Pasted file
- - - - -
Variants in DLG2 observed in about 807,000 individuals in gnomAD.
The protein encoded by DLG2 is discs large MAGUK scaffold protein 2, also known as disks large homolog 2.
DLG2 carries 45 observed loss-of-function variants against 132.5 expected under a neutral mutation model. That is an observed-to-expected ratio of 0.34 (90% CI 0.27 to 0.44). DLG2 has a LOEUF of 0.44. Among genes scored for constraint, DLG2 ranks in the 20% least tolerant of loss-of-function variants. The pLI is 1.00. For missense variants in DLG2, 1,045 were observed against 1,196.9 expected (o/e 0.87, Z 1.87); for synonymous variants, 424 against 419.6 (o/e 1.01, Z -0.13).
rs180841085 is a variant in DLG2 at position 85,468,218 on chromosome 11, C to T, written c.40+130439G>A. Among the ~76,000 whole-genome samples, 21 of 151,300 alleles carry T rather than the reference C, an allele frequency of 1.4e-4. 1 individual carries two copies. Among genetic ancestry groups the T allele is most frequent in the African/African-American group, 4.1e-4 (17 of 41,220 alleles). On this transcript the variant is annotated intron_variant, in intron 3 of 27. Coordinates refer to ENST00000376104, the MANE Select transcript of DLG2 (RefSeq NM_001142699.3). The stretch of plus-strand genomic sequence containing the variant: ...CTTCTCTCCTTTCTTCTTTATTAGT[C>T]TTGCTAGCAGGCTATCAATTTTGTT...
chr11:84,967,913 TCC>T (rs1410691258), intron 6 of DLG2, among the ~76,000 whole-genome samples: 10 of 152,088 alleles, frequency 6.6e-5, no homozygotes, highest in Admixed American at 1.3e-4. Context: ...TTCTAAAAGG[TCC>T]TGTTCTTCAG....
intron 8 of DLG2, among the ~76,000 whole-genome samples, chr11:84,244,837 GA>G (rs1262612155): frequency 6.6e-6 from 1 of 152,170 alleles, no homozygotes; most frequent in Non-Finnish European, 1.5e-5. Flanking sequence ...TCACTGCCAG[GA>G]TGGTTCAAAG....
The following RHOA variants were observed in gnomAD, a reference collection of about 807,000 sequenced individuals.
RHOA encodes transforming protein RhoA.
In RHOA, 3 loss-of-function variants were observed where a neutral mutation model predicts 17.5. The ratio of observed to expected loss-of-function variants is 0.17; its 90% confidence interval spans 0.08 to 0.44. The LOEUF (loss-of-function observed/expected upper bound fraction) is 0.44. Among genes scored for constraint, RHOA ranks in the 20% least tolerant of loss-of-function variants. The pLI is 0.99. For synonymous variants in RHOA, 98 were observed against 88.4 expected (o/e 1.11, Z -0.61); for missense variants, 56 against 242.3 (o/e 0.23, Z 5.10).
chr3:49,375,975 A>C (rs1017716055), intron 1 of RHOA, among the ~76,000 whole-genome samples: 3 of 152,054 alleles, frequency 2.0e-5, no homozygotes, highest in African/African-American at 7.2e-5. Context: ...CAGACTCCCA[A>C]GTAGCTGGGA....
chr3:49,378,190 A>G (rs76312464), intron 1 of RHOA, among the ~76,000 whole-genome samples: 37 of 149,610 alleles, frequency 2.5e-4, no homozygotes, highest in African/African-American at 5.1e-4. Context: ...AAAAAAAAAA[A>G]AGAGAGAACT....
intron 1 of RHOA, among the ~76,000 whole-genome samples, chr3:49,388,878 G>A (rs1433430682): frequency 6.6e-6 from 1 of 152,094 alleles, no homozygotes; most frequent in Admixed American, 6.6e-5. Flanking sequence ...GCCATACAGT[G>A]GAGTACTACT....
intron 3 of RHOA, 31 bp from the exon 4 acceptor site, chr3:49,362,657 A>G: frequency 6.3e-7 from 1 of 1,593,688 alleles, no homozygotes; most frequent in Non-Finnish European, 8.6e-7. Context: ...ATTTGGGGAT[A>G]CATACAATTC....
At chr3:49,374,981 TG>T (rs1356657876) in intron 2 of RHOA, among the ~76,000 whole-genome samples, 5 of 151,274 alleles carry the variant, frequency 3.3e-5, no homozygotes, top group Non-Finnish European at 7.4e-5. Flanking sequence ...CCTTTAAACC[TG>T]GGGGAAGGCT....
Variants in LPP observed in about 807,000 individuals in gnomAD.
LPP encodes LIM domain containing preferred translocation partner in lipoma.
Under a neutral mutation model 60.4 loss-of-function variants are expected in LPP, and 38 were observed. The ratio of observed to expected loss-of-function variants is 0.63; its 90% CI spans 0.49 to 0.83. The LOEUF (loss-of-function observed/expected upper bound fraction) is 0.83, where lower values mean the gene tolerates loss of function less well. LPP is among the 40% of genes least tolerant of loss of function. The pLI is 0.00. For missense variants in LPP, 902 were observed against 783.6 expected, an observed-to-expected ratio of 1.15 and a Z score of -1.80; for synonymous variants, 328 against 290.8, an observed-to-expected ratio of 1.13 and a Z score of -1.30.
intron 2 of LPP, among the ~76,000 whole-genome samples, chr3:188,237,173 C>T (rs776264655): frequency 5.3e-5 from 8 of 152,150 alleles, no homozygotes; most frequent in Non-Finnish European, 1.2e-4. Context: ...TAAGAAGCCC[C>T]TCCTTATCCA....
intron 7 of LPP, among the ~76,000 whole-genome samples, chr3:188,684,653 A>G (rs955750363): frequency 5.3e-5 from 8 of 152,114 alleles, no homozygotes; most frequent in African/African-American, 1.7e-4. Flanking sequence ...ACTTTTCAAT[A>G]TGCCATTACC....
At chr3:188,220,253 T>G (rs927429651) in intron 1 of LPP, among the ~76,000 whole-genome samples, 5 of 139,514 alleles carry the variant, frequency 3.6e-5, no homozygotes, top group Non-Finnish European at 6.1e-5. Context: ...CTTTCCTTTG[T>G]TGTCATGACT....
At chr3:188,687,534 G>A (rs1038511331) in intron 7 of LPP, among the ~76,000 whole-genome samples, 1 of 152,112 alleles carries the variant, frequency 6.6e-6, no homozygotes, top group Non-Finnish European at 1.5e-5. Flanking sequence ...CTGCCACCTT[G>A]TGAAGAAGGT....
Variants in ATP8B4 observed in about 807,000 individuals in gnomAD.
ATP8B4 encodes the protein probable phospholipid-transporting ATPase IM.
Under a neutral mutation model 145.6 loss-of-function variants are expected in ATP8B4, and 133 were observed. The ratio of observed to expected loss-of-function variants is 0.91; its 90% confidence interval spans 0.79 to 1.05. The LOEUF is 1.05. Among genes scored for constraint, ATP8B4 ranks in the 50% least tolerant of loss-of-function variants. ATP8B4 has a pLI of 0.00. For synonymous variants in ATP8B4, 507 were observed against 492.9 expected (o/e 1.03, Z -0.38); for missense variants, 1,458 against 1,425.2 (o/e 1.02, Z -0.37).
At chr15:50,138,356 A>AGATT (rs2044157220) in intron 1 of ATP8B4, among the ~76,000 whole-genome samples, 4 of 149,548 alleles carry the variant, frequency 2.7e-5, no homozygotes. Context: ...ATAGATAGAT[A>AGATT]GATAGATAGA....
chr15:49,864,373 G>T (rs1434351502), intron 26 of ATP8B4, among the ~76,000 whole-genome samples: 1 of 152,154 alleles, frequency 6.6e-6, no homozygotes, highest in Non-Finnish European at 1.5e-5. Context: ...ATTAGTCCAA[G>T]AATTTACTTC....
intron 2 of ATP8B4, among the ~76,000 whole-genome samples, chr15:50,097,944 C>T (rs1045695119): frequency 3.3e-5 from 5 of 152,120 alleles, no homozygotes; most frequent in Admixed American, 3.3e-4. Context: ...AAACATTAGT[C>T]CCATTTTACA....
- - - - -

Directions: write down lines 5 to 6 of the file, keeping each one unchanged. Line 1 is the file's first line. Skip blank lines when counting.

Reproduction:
chr11:84,967,913 TCC>T (rs1410691258), intron 6 of DLG2, among the ~76,000 whole-genome samples: 10 of 152,088 alleles, frequency 6.6e-5, no homozygotes, highest in Admixed American at 1.3e-4. Context: ...TTCTAAAAGG[TCC>T]TGTTCTTCAG....
intron 8 of DLG2, among the ~76,000 whole-genome samples, chr11:84,244,837 GA>G (rs1262612155): frequency 6.6e-6 from 1 of 152,170 alleles, no homozygotes; most frequent in Non-Finnish European, 1.5e-5. Flanking sequence ...TCACTGCCAG[GA>G]TGGTTCAAAG....